The 3rd Asian Conference on Scanning Tunneling Microscopy (Asian STM '99)
Tuesday 12 January - Thursday 14 January 1999, Tsukuba, Ibaraki, Japan.

HW: Find this website (you have did it!). Turn in address on Wednesday 13 January.

Wednesday 13 January 1999 Lecturer: Lloyd Bumm

Acids & Bases II

Read: Chapter 15, Sections 4.2-4, 16.1-5.
HW: Turn in class www site address.

Friday 15 January 1999

Snow day!

Monday 18 January 1999

Measurements of Single Molecules in Biology

Further: Williams Syndrome information from the Williams Syndrome Foundation.
Fluorescence in situ hybridization (FISH) is used to probe chromosomes using fluorescent labels. We talked about "chromosome paints."

There are commercially available probes. Here is a quick summary on genomics.

HW Problems: 16.3-8, 11-14, 16, 18, 31-34, 82, 82, 91
Additional HW: Make up a problem that you feel best tests your knowledge of Acids & Bases up to now. It should not be a trivial extension of the assigned problems.
(NB- You will do this for every homework assignment and these will always be graded!)

Wednesday 20 January 1999

Single Molecule Measurements (cont.)
Acids and Bases III

Optical tweezers work at NIST. Check out the quicktime movie.
Building simple optical tweezers.

Check out Prof. Will Castleman's work on solvation in clusters.

Further: WE Moerner's group was at UCSD (and is moving to Stanford, but still has their homepage at UCSD).

Read: 16.6-7 and 16.8-11. (Two readings combined)
HW: 16.38-50, 55-58, 84, 88, 89. Also, your own problem as described for 18 January.

Thursday 21 January 1999

Check this out:
Pioneer in Nonlinear Dynamics to Give Mueller Lectures in Physics on January 21 - This talk was cancelled. It should be rescheduled for a future date.

Friday 22 January 1999

Discussion Class:
(and some related single molecule measurements.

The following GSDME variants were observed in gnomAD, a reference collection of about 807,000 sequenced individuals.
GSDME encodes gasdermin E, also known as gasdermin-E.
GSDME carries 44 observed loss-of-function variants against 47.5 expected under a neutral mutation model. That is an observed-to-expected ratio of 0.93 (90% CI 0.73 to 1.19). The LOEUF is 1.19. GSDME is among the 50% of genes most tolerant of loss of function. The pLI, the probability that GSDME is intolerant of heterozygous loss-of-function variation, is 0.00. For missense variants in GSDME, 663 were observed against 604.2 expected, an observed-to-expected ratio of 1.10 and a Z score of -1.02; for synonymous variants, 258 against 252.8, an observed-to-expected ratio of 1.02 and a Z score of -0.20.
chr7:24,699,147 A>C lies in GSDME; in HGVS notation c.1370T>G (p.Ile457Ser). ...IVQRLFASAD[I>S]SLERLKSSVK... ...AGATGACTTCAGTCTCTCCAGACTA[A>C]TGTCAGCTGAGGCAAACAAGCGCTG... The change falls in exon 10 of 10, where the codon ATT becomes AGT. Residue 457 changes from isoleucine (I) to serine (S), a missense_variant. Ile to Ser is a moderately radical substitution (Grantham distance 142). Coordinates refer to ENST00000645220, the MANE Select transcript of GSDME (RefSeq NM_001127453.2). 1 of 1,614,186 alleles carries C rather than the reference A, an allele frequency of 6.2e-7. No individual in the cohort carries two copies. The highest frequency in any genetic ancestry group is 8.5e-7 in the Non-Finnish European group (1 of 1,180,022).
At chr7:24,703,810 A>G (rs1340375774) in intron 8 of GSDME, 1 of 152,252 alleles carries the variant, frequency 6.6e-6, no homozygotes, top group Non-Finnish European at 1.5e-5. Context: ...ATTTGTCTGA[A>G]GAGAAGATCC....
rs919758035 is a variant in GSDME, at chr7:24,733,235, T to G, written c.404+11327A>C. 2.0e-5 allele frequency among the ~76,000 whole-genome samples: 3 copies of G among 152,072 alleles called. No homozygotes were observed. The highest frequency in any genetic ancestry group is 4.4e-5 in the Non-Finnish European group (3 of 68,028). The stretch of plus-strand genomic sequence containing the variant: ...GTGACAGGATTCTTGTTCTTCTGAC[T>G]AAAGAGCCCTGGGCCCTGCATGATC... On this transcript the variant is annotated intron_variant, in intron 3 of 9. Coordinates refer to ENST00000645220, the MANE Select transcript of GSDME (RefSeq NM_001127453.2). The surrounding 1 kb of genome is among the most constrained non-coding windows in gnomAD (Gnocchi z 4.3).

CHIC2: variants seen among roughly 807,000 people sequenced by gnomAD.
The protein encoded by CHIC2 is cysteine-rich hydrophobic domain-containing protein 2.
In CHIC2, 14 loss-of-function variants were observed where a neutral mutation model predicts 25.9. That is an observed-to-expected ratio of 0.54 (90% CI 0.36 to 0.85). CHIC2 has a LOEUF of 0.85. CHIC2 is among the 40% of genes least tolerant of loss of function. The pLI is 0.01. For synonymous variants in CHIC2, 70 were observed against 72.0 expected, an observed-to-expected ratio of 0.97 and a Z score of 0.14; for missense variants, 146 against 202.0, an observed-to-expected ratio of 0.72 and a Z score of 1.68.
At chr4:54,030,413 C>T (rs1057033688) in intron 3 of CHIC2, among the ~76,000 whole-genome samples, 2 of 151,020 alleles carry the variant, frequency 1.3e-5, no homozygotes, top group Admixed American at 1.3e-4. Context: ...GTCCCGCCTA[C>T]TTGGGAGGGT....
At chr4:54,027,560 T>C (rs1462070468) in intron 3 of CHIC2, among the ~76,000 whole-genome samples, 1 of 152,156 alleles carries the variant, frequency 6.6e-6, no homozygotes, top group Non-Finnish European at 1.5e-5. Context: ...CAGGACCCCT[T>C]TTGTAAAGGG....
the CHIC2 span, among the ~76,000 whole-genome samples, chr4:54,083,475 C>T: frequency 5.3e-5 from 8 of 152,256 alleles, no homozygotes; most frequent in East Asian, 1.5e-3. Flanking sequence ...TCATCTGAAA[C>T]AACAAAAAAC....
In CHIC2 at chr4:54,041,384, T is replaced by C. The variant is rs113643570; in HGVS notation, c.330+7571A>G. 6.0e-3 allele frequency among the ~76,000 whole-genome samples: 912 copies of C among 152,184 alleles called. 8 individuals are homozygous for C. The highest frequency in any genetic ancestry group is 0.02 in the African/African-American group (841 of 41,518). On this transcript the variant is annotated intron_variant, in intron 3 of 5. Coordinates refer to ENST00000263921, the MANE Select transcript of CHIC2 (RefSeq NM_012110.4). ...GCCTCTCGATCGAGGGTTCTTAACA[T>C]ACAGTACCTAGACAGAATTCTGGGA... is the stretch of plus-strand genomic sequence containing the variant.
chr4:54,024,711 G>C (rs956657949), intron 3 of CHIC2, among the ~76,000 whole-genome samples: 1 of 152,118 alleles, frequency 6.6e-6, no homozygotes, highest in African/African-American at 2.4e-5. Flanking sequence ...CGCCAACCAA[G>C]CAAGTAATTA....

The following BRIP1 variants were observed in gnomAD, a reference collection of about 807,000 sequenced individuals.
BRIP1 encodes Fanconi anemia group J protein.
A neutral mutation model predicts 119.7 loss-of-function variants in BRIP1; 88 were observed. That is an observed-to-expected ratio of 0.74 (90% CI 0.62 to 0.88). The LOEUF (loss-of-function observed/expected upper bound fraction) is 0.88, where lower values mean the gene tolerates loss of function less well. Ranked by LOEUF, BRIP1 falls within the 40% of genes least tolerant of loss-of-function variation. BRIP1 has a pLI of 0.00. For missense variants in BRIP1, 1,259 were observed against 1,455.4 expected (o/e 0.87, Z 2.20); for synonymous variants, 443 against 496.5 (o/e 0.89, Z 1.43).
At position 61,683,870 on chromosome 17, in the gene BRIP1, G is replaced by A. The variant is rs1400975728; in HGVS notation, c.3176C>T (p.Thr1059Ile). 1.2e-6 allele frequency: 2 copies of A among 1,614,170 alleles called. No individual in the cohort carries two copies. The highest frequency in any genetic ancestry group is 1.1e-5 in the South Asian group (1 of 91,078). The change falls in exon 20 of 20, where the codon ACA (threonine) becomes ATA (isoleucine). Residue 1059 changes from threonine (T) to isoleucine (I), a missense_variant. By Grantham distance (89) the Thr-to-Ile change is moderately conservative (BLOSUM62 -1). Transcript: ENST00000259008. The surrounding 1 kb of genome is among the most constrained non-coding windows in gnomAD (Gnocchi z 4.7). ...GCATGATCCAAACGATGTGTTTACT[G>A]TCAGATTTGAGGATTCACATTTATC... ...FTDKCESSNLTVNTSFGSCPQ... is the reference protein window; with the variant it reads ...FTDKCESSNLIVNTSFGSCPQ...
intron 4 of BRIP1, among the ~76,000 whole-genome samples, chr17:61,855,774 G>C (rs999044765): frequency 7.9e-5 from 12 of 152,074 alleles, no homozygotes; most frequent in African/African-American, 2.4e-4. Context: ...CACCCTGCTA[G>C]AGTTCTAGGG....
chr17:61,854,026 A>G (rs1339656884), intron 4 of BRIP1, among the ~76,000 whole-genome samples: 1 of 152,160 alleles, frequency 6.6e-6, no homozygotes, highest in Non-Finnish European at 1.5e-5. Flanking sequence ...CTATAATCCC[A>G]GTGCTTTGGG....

Some links suggested by students:
Article that triggered this discussion.
National Academy Synopsis

Some random self-assembly links I have:
Self-assembly work done at IBM Zurich.
NIST Biosensor project typical of what people do with self-assembled monolayers.
The most common system studied was discovered by Penn State Prof. Dave Allara.
HW: 16.59-64, 67-70, 73-75, 78,80. Also, your own problem as described for 18 January.

Monday 25 January 1999

Acids & Bases, cont.
Read: Sections 7.1-4.

Wednesday 27 January 1999

Read: 17.1 (common ion effect), 7.1-4 (periodicity)
HW: 17.1-3,5-8
Acids & Bases (reading 17.2-3 Buffers & Titrations):

Thursday 28 January 1999

730 PM S5 Osmond Chemistry 389 Seminar
Exploring and Controlling the Atomic-Scale World.
Research in the Weiss Group.

Friday 29 January 1999

Discussion Class
Problem solving, acid/base review, and solvation.
Read: 17.2-3 (buffers and titrations)
HW: 7.6,14,18,26,30, 17.9-12,16,18,19,25-27,29
Find a paper in the literature from 1998 or 1999 that uses one of the techniques mentioned in the class handout on "Single Molecule Measurements" (lecture 4) to make single molecule measurements. Critically summarize the article in ten sentences or so. Be sure to include the reference for your article. (For the reference format, use the reference format of the journal.) You will find such articles in both Science and Nature. You may not write on www articles although you can find papers in the archival literature using the www.

Monday 1 February 1999

Periodic Trends, cont., Acids & Bases, Solubility

Wednesday 3 February 1999

Lewis Acids & Bases, Buffers, Solubility
Read: 7.5-7, 4.5, 17.4-6
HW: 7.43,46,52,54,55
How are the following measured quantitatively: ionization energy, electron affinity?
(This latter problem will be graded in addition to the normal homework.)

Friday 5 February 1999

Measurements of Periodic Properties Discusssed & Acid Strength vs. Structure